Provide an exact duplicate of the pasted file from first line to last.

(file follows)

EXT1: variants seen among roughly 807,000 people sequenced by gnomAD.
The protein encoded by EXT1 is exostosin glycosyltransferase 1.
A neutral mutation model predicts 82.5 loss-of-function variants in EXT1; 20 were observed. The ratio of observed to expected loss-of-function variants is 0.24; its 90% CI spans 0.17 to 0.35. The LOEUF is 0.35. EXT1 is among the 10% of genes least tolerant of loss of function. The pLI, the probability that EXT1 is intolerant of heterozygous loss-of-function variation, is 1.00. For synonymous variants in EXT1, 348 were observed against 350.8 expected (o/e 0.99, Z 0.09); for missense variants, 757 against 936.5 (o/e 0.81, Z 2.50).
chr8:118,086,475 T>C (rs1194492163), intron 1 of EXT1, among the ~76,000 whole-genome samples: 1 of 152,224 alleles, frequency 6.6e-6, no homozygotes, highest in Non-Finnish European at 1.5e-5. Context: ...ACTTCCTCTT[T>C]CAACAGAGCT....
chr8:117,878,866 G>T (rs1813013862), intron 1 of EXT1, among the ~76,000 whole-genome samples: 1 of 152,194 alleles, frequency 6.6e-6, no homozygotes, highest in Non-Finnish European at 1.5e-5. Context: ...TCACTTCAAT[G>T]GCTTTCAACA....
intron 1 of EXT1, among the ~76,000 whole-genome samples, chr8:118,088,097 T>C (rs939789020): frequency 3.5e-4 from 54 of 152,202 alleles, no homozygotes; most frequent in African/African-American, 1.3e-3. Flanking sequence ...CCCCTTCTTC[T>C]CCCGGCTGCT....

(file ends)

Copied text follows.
EXT1: variants seen among roughly 807,000 people sequenced by gnomAD.
The protein encoded by EXT1 is exostosin glycosyltransferase 1.
A neutral mutation model predicts 82.5 loss-of-function variants in EXT1; 20 were observed. The ratio of observed to expected loss-of-function variants is 0.24; its 90% CI spans 0.17 to 0.35. The LOEUF is 0.35. EXT1 is among the 10% of genes least tolerant of loss of function. The pLI, the probability that EXT1 is intolerant of heterozygous loss-of-function variation, is 1.00. For synonymous variants in EXT1, 348 were observed against 350.8 expected (o/e 0.99, Z 0.09); for missense variants, 757 against 936.5 (o/e 0.81, Z 2.50).
chr8:118,086,475 T>C (rs1194492163), intron 1 of EXT1, among the ~76,000 whole-genome samples: 1 of 152,224 alleles, frequency 6.6e-6, no homozygotes, highest in Non-Finnish European at 1.5e-5. Context: ...ACTTCCTCTT[T>C]CAACAGAGCT....
chr8:117,878,866 G>T (rs1813013862), intron 1 of EXT1, among the ~76,000 whole-genome samples: 1 of 152,194 alleles, frequency 6.6e-6, no homozygotes, highest in Non-Finnish European at 1.5e-5. Context: ...TCACTTCAAT[G>T]GCTTTCAACA....
intron 1 of EXT1, among the ~76,000 whole-genome samples, chr8:118,088,097 T>C (rs939789020): frequency 3.5e-4 from 54 of 152,202 alleles, no homozygotes; most frequent in African/African-American, 1.3e-3. Flanking sequence ...CCCCTTCTTC[T>C]CCCGGCTGCT....